And the rest is history. Disclosure: I HATE Microsoft as much as the next man, but the complete implosion of Nokia came with a sticker on the box that says "100% Made in Finland".

      1. Anonymous Coward
        Anonymous Coward

        Re: Another Nokia?

        " I HATE Microsoft as much as the next man, but the complete implosion of Nokia came with a sticker on the box that says "100% Made in Finland"."

        Ah, that will explain why my pay cheque (and that of 10s of thousands of others) is signed by some entity named "Nokia" which has a head office in Finland.

        FFS, how hard is it for people to understand that Microsoft only bought the cellphone making part of Nokia's business - the rest of Nokia is going fine and is very successful in a number of fields.

        A quick duckduckgo (or google, if you must) might help keep feet out of mouths.

      2. Kiwi Silver badge

        Re: Another Nokia?

        Elop

        I can never decide if that's a capital e on there, of a capital F with an underscore to boot!

        OkIshouldsleepnow24hoursplayingmotorbikemechanicthenfindingnewvideosoftwareandhalfhourlycoffeesnotgoodforbrain...

    3. Anonymous Coward
      Anonymous Coward

      Re: Another Nokia?

      Could this be another instance of Microsoft's successful product acquisition strategy?

      1. Recognise that you do not have much experience of success in communications products

      2. Buy successful communications company and products for lots of money

      3. Decide to change the acquired products to fit in with the Microsoft way of doing things

      4. Watch changed products and formerly successful company die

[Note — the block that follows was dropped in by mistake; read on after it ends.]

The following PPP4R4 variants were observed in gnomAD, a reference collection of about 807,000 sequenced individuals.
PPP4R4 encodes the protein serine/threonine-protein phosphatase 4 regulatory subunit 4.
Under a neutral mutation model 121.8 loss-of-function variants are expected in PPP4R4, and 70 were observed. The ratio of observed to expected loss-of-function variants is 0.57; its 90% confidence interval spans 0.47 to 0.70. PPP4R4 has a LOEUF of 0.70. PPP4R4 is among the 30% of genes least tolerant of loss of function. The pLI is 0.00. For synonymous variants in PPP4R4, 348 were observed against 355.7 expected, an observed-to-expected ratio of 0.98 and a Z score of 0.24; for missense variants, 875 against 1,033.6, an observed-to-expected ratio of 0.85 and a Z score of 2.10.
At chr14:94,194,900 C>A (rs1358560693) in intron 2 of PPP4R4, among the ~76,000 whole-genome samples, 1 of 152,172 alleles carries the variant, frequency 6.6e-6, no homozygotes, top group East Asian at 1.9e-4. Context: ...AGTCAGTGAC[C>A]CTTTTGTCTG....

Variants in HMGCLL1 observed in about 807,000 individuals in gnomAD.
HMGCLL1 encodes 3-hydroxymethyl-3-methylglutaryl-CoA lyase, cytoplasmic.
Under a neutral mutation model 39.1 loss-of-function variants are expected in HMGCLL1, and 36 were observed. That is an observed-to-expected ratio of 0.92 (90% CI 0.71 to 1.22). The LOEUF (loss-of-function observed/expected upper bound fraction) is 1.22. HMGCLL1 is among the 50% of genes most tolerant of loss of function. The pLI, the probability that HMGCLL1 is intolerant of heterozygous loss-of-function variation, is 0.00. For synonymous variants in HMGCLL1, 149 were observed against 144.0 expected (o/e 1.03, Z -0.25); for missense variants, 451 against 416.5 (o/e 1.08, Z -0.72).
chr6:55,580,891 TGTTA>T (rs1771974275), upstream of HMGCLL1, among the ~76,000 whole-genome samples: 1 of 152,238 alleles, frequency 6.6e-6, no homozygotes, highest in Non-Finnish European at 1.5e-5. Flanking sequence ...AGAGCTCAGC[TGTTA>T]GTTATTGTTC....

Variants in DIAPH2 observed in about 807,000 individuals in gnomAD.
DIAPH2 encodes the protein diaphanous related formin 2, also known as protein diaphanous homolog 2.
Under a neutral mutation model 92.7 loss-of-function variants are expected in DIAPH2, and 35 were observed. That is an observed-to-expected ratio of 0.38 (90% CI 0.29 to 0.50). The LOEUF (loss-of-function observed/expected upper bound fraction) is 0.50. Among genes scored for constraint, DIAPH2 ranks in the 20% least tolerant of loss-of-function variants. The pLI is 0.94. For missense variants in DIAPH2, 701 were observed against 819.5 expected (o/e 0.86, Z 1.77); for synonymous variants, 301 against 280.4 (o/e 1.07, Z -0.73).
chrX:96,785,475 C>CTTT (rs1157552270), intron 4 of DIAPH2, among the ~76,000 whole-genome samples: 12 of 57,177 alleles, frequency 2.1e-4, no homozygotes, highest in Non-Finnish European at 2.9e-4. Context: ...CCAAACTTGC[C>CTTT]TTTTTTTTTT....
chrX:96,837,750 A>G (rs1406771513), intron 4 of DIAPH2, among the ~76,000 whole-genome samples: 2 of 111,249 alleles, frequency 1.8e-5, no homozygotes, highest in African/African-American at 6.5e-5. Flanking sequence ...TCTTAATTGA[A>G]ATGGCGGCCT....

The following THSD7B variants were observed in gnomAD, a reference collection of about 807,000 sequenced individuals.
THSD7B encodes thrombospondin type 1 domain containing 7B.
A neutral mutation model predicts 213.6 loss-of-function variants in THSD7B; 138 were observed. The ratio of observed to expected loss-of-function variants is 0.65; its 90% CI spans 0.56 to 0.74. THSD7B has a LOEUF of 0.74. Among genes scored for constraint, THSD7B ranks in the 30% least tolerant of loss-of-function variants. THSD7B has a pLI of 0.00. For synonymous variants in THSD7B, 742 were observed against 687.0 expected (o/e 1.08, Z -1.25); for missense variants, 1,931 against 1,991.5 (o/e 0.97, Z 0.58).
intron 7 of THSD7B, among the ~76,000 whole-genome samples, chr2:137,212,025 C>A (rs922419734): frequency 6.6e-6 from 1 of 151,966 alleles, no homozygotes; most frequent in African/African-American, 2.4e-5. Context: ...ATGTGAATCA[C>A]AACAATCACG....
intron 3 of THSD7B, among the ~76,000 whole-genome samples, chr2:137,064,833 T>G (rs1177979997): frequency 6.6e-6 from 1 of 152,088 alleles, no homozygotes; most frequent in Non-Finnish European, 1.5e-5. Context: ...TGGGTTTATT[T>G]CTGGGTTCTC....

5. Re-write history to show that it never happened

      6 Return to 1.

      Ah, so you mean yet another methodology they stole from IBM.... Sorry MS, but IBM are *way* better at FUBARring companies they slurp up. And IBM is far better at f***ing up in general.

  11. Tom 64
    Thumb Down

    P2P got killed almost immediately...

    ... on windows with one of the first skype releases after being bought by Microsoft. Even with pcs on the same network segment, it was routing everything via servers. I saw file transfers to the desk next to me drop from 100Mps to 10Kbps. Nice job Microsoft.

    For a really private alternative, get a copy of signal from open whisper systems.

    1. Zakhar

      Re: P2P got killed almost immediately...

      Again, fake privacy. First thing this application asks is your phone number, which means you now have 0 privacy!

  12. Pascal Monett Silver badge

    "new or enhanced features"

    better file sharing, video messaging, mobile group calling, translation and bots

    I can't wait to hear about the security issues and failures that will come to light from all these new malware support areas Microsoft is creating.

  13. Oh Bother
    Black Helicopters

    Of dubious jurisdiction

    It would seem that centralising Skype in this manner will allow Microsoft to offer Skype in various jurisdictions like Russia, India, Argentina et. al. with the ability to conform to local laws.

    Argentina (or is it Brazil?) has an ongoing fight with Whatsapp over encrypted messages.

    Russia has newish laws regarding content locality and, possibly, legal interception.

    India has a pretty serious hatred of any encryption that it cannot break.